“The Princess Bride” will be featured at the McKinley Park bandshell 8:45 to 10 p.m. Saturday. The Movie Night In the Park is sponsored by Crossroads Behavior Health Services.
“We want to actively participate in strengthening families and our communities by providing family friendly, drug and alcohol-free events that are accessible to our communities,” said Erin Miller, executive director of Crossroads BHS.
September is National Recovery Month, which is sponsored by the Substance Abuse and Mental Health Services Administration to “increase awareness and understanding of mental and substance use disorders and celebrate the people who recover.” The theme is “Join the Voices for Recovery: Strengthen Families and Communities.”
“Mental health and substance abuse are in the community. It’s something that can be treated and people can be successful in life,” she said. “We’re here, we’re in the community, and we want to have everyone be as successful in the community as possible.”
And due to the months of people being quarantined, the event is also purposed to bring the community out and provide them with something they might enjoy, Miller said.
The need for mental health services this year has been on the rise. Due to COVID-19, Crossroads providers saw an influx of patients.
“March through July, we had a 300% increase, which is just huge,” Miller said.
Miller said that during the months of March through June, Crossroads closed their doors and only offered their services through telehealth because of the pandemic. But Crossroads is open full-time again due to their concern for children and individuals who are isolated or don’t have the ability to use electronic means.
While telehealth worked well for some individuals, Miller said it is difficult to fully treat small children without in-person appointments, and there is less oversight, which means the possibility for patients to mask their level of substance abuse can rise.
“It’s hard to keep people accountable over telehealth,” she said.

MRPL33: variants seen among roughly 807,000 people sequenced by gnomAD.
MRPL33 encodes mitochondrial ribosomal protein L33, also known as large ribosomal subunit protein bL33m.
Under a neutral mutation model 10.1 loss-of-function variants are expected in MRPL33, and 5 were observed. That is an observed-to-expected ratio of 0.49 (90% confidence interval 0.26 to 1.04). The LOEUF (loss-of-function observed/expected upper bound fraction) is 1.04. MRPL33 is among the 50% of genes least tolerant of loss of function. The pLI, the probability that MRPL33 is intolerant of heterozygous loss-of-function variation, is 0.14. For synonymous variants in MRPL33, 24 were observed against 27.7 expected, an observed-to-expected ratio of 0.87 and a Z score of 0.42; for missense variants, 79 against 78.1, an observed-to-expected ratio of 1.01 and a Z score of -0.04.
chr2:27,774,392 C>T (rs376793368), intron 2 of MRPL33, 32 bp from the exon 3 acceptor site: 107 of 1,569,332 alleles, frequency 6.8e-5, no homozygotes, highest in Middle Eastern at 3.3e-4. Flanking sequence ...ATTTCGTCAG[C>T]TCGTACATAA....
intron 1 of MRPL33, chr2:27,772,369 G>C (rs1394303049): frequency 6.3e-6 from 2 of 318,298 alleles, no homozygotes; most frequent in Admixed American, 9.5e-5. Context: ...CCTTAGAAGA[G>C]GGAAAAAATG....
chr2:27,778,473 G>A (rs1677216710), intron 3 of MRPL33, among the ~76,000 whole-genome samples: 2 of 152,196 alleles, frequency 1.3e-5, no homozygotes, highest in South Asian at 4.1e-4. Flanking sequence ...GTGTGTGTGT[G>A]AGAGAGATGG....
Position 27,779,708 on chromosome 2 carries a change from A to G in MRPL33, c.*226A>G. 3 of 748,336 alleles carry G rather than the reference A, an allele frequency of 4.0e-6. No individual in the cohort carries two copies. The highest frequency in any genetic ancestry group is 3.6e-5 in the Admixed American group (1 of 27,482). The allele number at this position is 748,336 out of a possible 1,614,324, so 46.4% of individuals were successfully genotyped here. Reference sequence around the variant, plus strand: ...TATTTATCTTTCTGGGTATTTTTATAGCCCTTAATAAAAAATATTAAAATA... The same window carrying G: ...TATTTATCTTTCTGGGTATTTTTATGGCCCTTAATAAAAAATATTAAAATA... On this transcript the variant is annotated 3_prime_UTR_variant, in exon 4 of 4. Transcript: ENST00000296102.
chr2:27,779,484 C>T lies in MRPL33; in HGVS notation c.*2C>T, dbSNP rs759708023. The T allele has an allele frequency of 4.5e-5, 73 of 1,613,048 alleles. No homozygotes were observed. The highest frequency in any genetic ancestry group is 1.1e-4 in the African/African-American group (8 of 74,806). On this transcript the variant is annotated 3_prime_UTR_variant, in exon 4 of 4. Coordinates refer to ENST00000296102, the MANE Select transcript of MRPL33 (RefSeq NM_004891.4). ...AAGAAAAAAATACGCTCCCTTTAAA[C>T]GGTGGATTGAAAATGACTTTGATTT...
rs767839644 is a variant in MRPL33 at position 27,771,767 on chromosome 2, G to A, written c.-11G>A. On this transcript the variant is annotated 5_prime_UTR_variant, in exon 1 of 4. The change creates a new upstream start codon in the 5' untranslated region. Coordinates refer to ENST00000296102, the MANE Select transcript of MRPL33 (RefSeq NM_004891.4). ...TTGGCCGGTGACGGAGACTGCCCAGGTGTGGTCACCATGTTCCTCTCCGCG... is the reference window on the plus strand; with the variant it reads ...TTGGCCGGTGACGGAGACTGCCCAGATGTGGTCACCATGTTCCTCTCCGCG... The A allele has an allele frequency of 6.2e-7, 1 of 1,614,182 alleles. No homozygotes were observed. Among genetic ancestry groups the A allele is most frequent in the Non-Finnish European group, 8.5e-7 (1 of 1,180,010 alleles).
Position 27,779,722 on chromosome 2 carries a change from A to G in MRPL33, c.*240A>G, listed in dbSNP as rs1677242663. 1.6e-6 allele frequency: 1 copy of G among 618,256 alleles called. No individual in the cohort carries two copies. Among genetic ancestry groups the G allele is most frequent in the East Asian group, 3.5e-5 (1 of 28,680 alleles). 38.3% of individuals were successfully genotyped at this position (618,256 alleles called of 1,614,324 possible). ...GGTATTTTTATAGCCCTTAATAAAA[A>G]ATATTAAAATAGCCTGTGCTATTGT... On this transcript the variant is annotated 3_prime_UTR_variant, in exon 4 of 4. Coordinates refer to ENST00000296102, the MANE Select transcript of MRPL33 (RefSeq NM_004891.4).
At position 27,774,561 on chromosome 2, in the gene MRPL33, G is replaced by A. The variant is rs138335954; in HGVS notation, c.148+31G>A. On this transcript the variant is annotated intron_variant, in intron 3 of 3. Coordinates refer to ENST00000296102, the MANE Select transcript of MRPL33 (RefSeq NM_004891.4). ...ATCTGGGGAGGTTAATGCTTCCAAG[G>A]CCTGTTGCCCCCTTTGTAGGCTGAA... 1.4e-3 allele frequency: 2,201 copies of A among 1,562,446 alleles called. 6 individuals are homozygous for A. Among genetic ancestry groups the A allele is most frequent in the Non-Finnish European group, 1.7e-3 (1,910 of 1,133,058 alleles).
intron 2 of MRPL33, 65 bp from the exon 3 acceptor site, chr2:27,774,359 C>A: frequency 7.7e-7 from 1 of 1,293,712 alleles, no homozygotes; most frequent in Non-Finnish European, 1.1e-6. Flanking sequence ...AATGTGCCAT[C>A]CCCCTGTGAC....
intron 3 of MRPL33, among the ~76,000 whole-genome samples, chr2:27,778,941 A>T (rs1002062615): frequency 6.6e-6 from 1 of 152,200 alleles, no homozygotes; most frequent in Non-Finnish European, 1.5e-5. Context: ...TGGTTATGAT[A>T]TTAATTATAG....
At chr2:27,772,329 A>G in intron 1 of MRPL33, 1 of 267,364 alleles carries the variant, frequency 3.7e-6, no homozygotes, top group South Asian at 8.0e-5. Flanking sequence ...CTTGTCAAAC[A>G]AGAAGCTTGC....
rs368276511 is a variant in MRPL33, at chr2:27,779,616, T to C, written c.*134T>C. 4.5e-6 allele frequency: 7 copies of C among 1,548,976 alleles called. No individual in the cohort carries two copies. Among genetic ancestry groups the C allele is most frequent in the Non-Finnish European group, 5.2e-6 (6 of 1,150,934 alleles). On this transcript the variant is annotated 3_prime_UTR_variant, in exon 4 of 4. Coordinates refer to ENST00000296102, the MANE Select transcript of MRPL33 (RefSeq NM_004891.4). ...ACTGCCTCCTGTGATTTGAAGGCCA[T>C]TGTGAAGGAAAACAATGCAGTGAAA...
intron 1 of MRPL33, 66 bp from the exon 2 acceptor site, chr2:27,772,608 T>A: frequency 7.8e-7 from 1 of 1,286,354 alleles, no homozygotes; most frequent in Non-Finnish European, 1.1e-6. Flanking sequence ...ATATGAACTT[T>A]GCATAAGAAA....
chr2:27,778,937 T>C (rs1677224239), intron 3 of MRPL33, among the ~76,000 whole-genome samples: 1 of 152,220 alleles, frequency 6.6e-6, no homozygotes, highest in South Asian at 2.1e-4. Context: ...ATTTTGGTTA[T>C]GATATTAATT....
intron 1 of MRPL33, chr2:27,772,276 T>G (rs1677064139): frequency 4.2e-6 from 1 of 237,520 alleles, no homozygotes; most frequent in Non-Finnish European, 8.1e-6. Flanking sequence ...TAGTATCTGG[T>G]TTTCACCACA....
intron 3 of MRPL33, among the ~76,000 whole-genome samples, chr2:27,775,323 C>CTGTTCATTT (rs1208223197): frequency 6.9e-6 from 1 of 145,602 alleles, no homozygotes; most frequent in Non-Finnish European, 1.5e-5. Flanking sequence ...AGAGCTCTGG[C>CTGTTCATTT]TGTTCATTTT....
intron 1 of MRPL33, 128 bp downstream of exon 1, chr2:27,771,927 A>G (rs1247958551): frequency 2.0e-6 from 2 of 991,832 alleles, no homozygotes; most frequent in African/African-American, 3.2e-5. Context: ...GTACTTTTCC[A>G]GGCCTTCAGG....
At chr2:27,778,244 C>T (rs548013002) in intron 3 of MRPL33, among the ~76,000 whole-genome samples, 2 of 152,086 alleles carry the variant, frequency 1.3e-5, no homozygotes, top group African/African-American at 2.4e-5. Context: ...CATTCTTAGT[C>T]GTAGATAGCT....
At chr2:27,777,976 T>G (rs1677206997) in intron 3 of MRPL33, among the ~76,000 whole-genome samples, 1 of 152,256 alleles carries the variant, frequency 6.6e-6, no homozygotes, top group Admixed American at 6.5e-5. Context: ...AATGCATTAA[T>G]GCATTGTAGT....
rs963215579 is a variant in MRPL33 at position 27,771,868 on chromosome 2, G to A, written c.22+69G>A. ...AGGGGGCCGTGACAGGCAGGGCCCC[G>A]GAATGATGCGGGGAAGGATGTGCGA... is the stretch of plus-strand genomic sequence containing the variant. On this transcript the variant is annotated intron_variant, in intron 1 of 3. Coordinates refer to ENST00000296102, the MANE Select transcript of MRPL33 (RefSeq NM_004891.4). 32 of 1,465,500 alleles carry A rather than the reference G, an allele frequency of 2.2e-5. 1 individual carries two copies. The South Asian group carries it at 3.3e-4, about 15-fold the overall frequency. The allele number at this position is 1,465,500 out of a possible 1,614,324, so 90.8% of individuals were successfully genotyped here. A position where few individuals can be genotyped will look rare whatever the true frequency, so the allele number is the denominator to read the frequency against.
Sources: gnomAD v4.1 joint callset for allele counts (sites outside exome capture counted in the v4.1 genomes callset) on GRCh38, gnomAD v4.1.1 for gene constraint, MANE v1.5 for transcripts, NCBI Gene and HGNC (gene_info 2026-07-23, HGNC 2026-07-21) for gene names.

The pandemic has contributed to an increase in anxiety disorders and depression, as well, and providers have been helping their clients learn coping skills to help parents feel better about sending their children back to school or keeping them home.
“There’s been so much guilt, I think, surrounding COVID,” Miller said. “It’s been divisive among people and families.”
For the upcoming event in the park, Crossroads received approximately $1,000 in funding from the Iowa Department of Public Health. Last year, nearly 150 people attended Crossroads’ event which targeted mostly children and was located at their main site, centering around games with food trucks provided. Miller said it was the success of last year’s event that inspired them to host a community event both children and adults can enjoy.
“It turned out pretty well,” she said. “More people showed up than what I thought.”
This year, the first 45 attendees will receive a blanket with the Crossroads logo, which will help movie-goers space themselves out in the park. Guests will provide free bottled water, but guests are encouraged to bring their own snacks and drinks to the event Saturday, as well.
“We’re just excited to see everybody and visit with members of our community, and kind of get back together,” Miller said.
Crossroads Behavioral Health Services, located at 1003 Cottonwood Road, is a treatment center that offers confidential services and resources to individuals, couples, families, and groups. For more information, visit crossroadsbhs.org or call 641-782-8457.